My mother has always had a thing about sitting around the table at supper. When the food was set out, she’d have one of us turn off the TV and we had to focus on each other and talk—or sit and chew in silence.
Most nights we talked. And talked. And talked.
Because my dad was a truck driver, he was gone most weeknights, so it was just the four of us. It was nice having Mom’s full attention as we ate. She’d listen to my sister, brother and I complain about what ‘tragedy’ we may have experienced in our young lives and manage to contain herself from the occasional eye-roll. Or we’d laugh over some hilarious happening of the day.
Sometimes, when Mom treated us with Libby Land frozen dinners, we’d get excited as she broke out the TV trays and we’d watch our favorite shows while devouring what we considered a delicious meal. I’m sure those were the nights Mom couldn’t bring herself to cook. And yet, we thought it was like having a party on a school night.
Mom was also particular about not using paper plates and always putting the food in serving dishes and setting it on the table at supper. We never served ourselves from the stove. Maybe it was because my Grandma, Mom’s mother, was from England and they did things a little more proper there.
After supper, my sister and I were responsible for cleaning up the kitchen. We’d play games while I washed and she dried. Or we’d sing our favorite song, I Will Survive by Gloria Gaynor, to the top of our lungs. It was the disco era, after all. Ahem.
When my husband, John, and I first married, I’d come home from work and make a big dinner every night and set it all out on the table. Since I was used to cooking for four or five people, I usually went a little overboard with the amount of food I made. And I had to clean it all up by myself.
After we’d been married six months, John and his brother started their own business. Because he was now working two jobs, and these were the days before cell phones, I never knew when he’d be home. Sometimes I’d have dinner waiting for hours before I’d hear him pull in the driveway. I remember one night not eating until ten o’clock.
So began the demise of my little family’s supper table. From then on we’d eat when we could, most of the time stopping at a drive-thru on the way home or ordering a pizza. We didn’t even sit and eat that at the table anymore. Instead, we’d sit in the den watching TV.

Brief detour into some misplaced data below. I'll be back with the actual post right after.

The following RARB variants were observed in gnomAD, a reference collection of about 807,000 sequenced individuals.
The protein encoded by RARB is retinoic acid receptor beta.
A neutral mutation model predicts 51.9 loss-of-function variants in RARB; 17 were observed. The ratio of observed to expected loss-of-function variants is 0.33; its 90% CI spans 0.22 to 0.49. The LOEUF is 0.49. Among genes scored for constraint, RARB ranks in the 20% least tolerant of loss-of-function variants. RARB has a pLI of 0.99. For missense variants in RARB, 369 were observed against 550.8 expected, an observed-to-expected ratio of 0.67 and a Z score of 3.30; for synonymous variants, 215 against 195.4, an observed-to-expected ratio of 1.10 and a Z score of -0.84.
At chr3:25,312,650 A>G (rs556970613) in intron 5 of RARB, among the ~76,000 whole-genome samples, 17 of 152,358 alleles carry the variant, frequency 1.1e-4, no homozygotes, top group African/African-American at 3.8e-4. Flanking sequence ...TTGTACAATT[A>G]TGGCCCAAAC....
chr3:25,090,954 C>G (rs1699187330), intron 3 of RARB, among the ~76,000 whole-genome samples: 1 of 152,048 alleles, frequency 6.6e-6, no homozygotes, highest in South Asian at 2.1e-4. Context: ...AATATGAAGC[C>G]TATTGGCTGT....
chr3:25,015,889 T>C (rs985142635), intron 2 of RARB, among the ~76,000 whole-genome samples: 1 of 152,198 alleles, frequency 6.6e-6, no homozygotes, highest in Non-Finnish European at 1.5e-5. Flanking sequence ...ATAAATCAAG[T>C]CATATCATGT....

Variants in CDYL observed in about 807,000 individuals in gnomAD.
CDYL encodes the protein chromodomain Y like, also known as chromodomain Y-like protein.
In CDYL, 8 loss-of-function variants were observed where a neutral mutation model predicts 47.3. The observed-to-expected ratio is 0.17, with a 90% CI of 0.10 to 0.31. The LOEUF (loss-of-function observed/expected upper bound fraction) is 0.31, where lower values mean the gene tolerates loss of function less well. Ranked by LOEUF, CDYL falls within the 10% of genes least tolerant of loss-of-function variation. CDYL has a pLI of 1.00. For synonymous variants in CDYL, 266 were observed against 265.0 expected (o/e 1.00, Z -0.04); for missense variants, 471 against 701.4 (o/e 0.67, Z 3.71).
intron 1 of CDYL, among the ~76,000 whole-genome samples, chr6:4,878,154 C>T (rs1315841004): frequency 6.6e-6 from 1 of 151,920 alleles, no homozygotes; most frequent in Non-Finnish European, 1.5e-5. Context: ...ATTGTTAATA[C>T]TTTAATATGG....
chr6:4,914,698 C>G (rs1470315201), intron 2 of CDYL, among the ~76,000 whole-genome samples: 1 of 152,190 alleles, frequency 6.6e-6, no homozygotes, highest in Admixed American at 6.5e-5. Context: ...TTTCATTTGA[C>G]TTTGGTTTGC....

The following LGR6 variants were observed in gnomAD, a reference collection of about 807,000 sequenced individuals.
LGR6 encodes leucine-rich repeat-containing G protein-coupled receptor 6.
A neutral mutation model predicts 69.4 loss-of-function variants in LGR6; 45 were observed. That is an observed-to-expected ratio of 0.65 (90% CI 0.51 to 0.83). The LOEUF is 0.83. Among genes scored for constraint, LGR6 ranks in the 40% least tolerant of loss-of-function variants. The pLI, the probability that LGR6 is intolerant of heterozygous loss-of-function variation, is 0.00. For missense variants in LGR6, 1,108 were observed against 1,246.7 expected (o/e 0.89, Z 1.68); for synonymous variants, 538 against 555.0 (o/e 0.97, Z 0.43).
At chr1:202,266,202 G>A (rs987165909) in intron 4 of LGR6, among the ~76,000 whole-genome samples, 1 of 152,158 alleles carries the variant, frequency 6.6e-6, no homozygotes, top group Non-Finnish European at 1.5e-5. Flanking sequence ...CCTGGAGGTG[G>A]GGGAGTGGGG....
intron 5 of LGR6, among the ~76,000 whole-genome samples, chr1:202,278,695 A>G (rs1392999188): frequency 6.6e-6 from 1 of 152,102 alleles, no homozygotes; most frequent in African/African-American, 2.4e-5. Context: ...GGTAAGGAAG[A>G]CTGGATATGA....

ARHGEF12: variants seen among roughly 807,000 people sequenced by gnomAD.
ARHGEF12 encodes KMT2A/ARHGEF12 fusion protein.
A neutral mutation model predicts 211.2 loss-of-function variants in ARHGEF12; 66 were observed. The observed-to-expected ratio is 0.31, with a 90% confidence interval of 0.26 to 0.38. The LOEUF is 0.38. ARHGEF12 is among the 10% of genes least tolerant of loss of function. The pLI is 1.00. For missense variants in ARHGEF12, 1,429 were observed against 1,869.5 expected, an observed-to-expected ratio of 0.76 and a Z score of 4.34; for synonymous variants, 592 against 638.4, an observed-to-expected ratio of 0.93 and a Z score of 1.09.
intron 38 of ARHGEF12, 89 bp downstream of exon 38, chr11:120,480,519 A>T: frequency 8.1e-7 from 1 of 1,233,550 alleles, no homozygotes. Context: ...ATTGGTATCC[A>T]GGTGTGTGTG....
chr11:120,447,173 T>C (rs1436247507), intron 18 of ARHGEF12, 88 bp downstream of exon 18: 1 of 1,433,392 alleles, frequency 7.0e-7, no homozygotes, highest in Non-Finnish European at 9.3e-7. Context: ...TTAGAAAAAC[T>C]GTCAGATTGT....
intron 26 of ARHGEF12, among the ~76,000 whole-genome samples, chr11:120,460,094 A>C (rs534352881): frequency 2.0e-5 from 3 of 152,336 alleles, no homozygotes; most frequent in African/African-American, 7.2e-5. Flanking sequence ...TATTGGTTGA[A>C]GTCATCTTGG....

And I felt guilty.
Then my sister-in-law and I opened our own business and life really did get chaotic. The supper table was completely out of the picture.
Until, eight years after we married, John and I had our first child.
At first, it didn’t change things much because we only had to worry about feeding her bottles. But when she graduated to baby food and a high chair, I decided it was time to bring back the supper table.
That was twenty-two years and two children ago. And I’ve made the supper table a priority ever since. Even if it’s not a home-cooked meal, I always try to have us gather around the table. My kids think I’m a little weird when I insist on using real plates and serving dishes when I cook. My daughter says it just leaves that much more for us to clean up. But I don’t care. I have a dishwasher now!
The most important thing that happens around our table, however, is the conversation. Just like it was when I was growing up. There’s just something about having the stress of the day behind us that allows for a relaxed time of sharing. Even if we have guests, we linger longer over the remnants of supper, enjoying the company that surrounds us.
I believe the family supper table is what kept my siblings and I grounded. And I believe with my own children it provides part of the structure needed to feel secure in our home.
In fact, according to The Family Dinner Project, regular family meals are linked to lower rates of substance abuse, teen pregnancy, eating disorders and depression. They also believe it helps nourish ethical thinking.
So, even though I usually dread the words, “What’s for supper?” I’m happy we can reunite most evenings around the table.
- Do you and your family regularly have supper around the table? If you do and your family hasn’t been sharing much lately, check out The Family Dinner Table Project for some great conversation starter ideas for all ages.
- Does your family have a habit of sitting in front of the TV? Try to switch things up by inviting everyone to the table and turn off the TV. You’ll definitely have some push back at first, but eventually your family will begin to look forward to it.
- Is your family involved in so many activities you’re never home to eat? Then make it a priority to try and eat together at a restaurant as much as possible, even if it’s fast food. You’ll still benefit from being together.
Let’s work together to build kingdom homes!
4 thoughts on “Blueprints for Building Your Spiritual Dream Home: Gathering Around the Table”
You brought back sweet memories from my childhood, Carol. What a beautiful post! We tried to do the same with our children but now that they’re grown Brian and I usually find ourselves eating with Andy Griffith. Last week, we had our meal at the table and it was a nice treat. We’ll be doing that more often. 🙂
I’m so glad you shared this, Cathy. I’m wondering if we’ll revert back to eating in front of the TV after the kids are gone. I hope not! Glad you and your husband enjoyed a meal together at the table recently 🙂
What a fabulous reminder, Carol. I loved reading this! You painted a beautiful picture with your words of what family can look like and how important this simple act of togetherness is. Thank you.
Thank you, Beth. My mom’s influence created beautiful memories for my own family as my kids were growing up (and still do!).
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